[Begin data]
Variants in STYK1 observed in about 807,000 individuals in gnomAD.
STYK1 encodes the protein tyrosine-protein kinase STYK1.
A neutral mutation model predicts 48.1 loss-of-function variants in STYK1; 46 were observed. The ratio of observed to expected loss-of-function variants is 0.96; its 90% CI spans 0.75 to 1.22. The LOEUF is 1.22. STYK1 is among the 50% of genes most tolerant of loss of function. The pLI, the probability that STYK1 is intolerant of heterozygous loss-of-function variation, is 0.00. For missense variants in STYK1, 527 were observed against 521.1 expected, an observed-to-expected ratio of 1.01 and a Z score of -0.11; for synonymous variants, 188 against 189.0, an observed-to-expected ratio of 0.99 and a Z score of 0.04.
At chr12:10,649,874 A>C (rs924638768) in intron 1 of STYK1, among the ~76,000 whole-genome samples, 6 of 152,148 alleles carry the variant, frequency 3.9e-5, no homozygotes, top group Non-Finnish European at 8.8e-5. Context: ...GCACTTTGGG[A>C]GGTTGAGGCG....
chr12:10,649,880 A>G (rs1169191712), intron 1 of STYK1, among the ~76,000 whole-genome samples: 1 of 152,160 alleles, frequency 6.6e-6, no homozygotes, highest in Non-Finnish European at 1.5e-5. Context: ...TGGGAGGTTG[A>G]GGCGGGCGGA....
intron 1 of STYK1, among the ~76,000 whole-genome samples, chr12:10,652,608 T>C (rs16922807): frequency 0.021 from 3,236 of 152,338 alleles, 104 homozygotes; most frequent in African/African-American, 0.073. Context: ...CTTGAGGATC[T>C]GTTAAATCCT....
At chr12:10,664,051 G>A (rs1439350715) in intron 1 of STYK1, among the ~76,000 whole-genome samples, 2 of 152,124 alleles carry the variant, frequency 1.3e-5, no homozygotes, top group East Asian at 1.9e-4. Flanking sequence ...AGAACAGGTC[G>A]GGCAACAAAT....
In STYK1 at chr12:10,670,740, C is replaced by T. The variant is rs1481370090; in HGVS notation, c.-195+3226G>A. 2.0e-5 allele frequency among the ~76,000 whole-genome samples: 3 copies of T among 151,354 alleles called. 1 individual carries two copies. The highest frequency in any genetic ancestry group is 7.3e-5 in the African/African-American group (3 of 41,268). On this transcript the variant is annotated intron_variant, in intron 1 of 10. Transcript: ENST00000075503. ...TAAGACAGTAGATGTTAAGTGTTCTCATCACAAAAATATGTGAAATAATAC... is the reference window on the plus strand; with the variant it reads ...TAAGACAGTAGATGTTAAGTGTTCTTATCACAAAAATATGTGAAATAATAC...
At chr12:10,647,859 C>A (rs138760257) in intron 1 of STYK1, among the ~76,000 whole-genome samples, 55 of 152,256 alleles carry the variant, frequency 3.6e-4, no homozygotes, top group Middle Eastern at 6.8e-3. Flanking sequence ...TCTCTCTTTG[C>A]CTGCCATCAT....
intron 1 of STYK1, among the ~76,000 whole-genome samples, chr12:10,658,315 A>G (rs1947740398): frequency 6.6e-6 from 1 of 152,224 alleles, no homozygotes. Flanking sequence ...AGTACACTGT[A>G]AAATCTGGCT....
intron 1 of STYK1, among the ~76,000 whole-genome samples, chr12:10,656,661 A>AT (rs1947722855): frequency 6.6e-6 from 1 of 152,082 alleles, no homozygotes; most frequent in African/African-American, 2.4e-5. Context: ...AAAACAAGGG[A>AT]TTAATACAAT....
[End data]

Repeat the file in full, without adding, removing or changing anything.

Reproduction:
Variants in STYK1 observed in about 807,000 individuals in gnomAD.
STYK1 encodes the protein tyrosine-protein kinase STYK1.
A neutral mutation model predicts 48.1 loss-of-function variants in STYK1; 46 were observed. The ratio of observed to expected loss-of-function variants is 0.96; its 90% CI spans 0.75 to 1.22. The LOEUF is 1.22. STYK1 is among the 50% of genes most tolerant of loss of function. The pLI, the probability that STYK1 is intolerant of heterozygous loss-of-function variation, is 0.00. For missense variants in STYK1, 527 were observed against 521.1 expected, an observed-to-expected ratio of 1.01 and a Z score of -0.11; for synonymous variants, 188 against 189.0, an observed-to-expected ratio of 0.99 and a Z score of 0.04.
At chr12:10,649,874 A>C (rs924638768) in intron 1 of STYK1, among the ~76,000 whole-genome samples, 6 of 152,148 alleles carry the variant, frequency 3.9e-5, no homozygotes, top group Non-Finnish European at 8.8e-5. Context: ...GCACTTTGGG[A>C]GGTTGAGGCG....
chr12:10,649,880 A>G (rs1169191712), intron 1 of STYK1, among the ~76,000 whole-genome samples: 1 of 152,160 alleles, frequency 6.6e-6, no homozygotes, highest in Non-Finnish European at 1.5e-5. Context: ...TGGGAGGTTG[A>G]GGCGGGCGGA....
intron 1 of STYK1, among the ~76,000 whole-genome samples, chr12:10,652,608 T>C (rs16922807): frequency 0.021 from 3,236 of 152,338 alleles, 104 homozygotes; most frequent in African/African-American, 0.073. Context: ...CTTGAGGATC[T>C]GTTAAATCCT....
At chr12:10,664,051 G>A (rs1439350715) in intron 1 of STYK1, among the ~76,000 whole-genome samples, 2 of 152,124 alleles carry the variant, frequency 1.3e-5, no homozygotes, top group East Asian at 1.9e-4. Flanking sequence ...AGAACAGGTC[G>A]GGCAACAAAT....
In STYK1 at chr12:10,670,740, C is replaced by T. The variant is rs1481370090; in HGVS notation, c.-195+3226G>A. 2.0e-5 allele frequency among the ~76,000 whole-genome samples: 3 copies of T among 151,354 alleles called. 1 individual carries two copies. The highest frequency in any genetic ancestry group is 7.3e-5 in the African/African-American group (3 of 41,268). On this transcript the variant is annotated intron_variant, in intron 1 of 10. Transcript: ENST00000075503. ...TAAGACAGTAGATGTTAAGTGTTCTCATCACAAAAATATGTGAAATAATAC... is the reference window on the plus strand; with the variant it reads ...TAAGACAGTAGATGTTAAGTGTTCTTATCACAAAAATATGTGAAATAATAC...
At chr12:10,647,859 C>A (rs138760257) in intron 1 of STYK1, among the ~76,000 whole-genome samples, 55 of 152,256 alleles carry the variant, frequency 3.6e-4, no homozygotes, top group Middle Eastern at 6.8e-3. Flanking sequence ...TCTCTCTTTG[C>A]CTGCCATCAT....
intron 1 of STYK1, among the ~76,000 whole-genome samples, chr12:10,658,315 A>G (rs1947740398): frequency 6.6e-6 from 1 of 152,224 alleles, no homozygotes. Flanking sequence ...AGTACACTGT[A>G]AAATCTGGCT....
intron 1 of STYK1, among the ~76,000 whole-genome samples, chr12:10,656,661 A>AT (rs1947722855): frequency 6.6e-6 from 1 of 152,082 alleles, no homozygotes; most frequent in African/African-American, 2.4e-5. Context: ...AAAACAAGGG[A>AT]TTAATACAAT....